Roy Keane has no place in Manchester United’s history books

Roy Keane has been lauded by many as one of football’s best hard men over the years, in addition to having a solid playing career. But when you really think about it, was the Irishman ever a top player?

The answer is more than likely a resounding ‘no’. During his time in the middle of the park with Nottingham Forest and Manchester United, the controversial chap formed great partnerships with a number of other solid midfielders, and to be honest the only redeeming quality that Keane had was getting stuck in and playing the short five-yard passes to the side. Thrilling.

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Keano was very much in the Michael Carrick mould and it was because of the now-45-year-old’s reputation as somebody not to reckoned with that he was awarded such praise throughout the course of his career.

It wasn’t like good old Roy thrived as a top goalscorer or was known for his never ending commitment. When Keane was out on that pitch it was like a game of search and destroy on Call of Duty, and that is quite frankly embarrassing.

Over the course of his career the bloke went out of his way to cause others physical pain, and he has stated as much in his autobiography. Being known as a hard man is one thing, but you need to build up your reputation as a solid player, too. For Keane, his misdemeanors will always follow him round for as long as he lives because they are the things that define his career.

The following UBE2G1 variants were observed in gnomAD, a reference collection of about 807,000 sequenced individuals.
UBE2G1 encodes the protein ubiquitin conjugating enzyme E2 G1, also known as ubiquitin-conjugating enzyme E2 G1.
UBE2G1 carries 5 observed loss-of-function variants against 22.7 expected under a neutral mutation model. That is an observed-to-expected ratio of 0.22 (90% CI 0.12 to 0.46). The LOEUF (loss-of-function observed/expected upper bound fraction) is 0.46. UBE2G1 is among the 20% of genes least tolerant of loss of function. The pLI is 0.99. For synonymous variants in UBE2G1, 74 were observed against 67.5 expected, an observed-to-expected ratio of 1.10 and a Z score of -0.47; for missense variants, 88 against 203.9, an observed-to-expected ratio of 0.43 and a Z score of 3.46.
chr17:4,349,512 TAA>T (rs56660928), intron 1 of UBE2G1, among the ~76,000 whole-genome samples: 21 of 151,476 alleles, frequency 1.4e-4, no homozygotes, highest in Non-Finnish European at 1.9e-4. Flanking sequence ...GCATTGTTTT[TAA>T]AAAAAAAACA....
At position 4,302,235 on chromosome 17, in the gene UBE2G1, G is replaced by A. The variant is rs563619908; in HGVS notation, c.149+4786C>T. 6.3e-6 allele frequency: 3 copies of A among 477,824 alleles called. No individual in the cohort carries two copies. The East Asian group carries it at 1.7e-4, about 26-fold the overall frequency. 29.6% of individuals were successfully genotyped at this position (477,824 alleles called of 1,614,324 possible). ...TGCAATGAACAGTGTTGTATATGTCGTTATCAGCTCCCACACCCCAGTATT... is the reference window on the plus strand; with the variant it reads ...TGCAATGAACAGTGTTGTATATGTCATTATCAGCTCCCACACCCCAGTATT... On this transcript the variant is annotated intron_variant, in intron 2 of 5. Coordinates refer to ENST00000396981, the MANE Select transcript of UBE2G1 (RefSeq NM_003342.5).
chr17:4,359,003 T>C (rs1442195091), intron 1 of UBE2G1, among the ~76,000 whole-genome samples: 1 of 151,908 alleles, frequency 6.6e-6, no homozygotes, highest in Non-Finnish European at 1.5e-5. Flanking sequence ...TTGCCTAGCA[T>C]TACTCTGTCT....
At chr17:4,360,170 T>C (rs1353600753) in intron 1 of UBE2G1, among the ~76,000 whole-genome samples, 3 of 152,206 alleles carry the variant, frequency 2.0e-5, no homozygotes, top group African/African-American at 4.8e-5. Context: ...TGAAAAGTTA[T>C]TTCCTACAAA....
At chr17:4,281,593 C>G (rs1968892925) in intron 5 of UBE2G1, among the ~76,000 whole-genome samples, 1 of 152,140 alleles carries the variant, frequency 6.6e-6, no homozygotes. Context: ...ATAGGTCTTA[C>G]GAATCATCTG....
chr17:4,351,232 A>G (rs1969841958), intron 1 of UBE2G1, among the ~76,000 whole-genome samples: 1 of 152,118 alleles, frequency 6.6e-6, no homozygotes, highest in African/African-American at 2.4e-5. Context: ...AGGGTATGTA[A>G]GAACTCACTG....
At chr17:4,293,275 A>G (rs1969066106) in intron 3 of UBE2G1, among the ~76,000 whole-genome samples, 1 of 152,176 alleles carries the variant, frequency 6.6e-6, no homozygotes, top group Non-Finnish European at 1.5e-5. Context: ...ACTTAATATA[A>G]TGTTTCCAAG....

From causing injuries to enduring long suspensions, Keane felt as if he was Billy big bollocks and has done for the entirety of his career. The bloke is an absolute prick, and whilst I’m not letting that cloud my judgement of his ability, it has to be said really.

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The former Celtic midfielder was more concerned about creating controversy than creating great footballing history. Keane’s spats with the likes of Sir Alex Ferguson and Mick McCarthy highlight his ability to use off the pitch antics to hide his on the pitch weaknesses.

If a game was on the line you couldn’t rely on Keane to keep his head and drive the team forward. The Irishman was a liability, and at the end of the day he will go down as a run of the mill player who let his pathetic outbursts dictate his legacy. How sad.

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